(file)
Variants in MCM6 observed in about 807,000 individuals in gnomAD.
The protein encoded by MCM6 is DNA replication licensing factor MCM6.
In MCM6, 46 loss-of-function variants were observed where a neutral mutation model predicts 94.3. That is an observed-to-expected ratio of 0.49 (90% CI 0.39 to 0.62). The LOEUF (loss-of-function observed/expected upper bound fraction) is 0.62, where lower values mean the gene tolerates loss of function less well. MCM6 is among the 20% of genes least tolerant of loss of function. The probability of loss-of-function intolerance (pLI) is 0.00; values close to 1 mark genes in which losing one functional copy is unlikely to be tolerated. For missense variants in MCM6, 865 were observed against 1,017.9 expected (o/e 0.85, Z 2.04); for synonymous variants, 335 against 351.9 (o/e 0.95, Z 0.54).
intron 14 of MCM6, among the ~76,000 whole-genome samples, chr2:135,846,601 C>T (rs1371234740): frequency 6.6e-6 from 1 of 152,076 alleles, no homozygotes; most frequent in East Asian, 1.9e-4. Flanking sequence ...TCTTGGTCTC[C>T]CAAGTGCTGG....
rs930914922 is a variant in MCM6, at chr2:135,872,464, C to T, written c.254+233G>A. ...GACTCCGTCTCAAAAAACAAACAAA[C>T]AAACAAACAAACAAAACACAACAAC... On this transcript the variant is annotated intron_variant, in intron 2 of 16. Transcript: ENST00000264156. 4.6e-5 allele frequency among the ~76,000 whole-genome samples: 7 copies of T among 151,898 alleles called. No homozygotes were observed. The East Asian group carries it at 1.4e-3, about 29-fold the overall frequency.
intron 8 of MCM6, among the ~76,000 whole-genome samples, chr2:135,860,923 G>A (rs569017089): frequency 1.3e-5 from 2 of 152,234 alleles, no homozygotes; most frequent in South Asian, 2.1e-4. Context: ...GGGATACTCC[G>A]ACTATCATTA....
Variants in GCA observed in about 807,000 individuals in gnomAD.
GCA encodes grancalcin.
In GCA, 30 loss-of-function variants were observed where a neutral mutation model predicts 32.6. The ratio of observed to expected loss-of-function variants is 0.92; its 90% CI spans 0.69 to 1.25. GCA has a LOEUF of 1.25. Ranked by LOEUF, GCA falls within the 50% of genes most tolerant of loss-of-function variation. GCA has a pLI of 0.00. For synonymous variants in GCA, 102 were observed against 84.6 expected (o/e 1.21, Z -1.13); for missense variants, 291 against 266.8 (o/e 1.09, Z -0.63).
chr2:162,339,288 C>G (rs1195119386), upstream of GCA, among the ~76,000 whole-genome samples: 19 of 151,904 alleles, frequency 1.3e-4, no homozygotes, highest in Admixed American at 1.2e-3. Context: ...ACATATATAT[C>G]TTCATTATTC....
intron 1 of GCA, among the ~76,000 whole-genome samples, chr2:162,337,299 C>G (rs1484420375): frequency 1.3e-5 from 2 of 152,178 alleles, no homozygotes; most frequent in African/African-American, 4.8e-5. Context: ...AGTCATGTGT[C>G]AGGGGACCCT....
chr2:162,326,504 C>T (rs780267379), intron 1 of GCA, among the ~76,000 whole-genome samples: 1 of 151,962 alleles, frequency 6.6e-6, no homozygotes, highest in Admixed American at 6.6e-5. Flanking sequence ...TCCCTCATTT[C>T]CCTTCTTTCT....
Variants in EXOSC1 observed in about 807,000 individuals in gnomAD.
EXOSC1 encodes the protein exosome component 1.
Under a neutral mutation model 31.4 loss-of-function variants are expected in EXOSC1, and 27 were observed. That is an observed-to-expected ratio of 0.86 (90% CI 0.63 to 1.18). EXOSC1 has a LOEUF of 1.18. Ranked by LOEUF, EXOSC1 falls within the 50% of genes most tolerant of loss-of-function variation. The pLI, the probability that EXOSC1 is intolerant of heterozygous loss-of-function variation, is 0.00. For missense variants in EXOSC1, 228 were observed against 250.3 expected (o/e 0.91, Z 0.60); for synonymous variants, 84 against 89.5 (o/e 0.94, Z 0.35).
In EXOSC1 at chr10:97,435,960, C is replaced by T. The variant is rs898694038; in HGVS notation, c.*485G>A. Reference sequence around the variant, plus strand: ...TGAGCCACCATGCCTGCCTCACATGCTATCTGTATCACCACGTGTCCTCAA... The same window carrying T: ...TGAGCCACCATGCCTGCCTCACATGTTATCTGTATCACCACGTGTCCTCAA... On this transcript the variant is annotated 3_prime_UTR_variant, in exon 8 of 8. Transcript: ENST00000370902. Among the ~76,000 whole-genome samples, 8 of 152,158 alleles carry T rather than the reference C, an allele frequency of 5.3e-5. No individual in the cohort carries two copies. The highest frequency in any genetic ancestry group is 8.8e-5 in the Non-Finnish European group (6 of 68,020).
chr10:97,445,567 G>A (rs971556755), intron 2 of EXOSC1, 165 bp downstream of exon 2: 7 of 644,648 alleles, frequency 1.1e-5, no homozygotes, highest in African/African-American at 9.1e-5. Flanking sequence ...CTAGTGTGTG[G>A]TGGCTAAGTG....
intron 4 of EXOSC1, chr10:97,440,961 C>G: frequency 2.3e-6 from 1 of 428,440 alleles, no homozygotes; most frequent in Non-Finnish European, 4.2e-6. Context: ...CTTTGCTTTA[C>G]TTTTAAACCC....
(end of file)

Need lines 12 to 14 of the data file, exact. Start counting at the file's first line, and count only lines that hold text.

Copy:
chr2:162,326,504 C>T (rs780267379), intron 1 of GCA, among the ~76,000 whole-genome samples: 1 of 151,962 alleles, frequency 6.6e-6, no homozygotes, highest in Admixed American at 6.6e-5. Flanking sequence ...TCCCTCATTT[C>T]CCTTCTTTCT....
Variants in EXOSC1 observed in about 807,000 individuals in gnomAD.
EXOSC1 encodes the protein exosome component 1.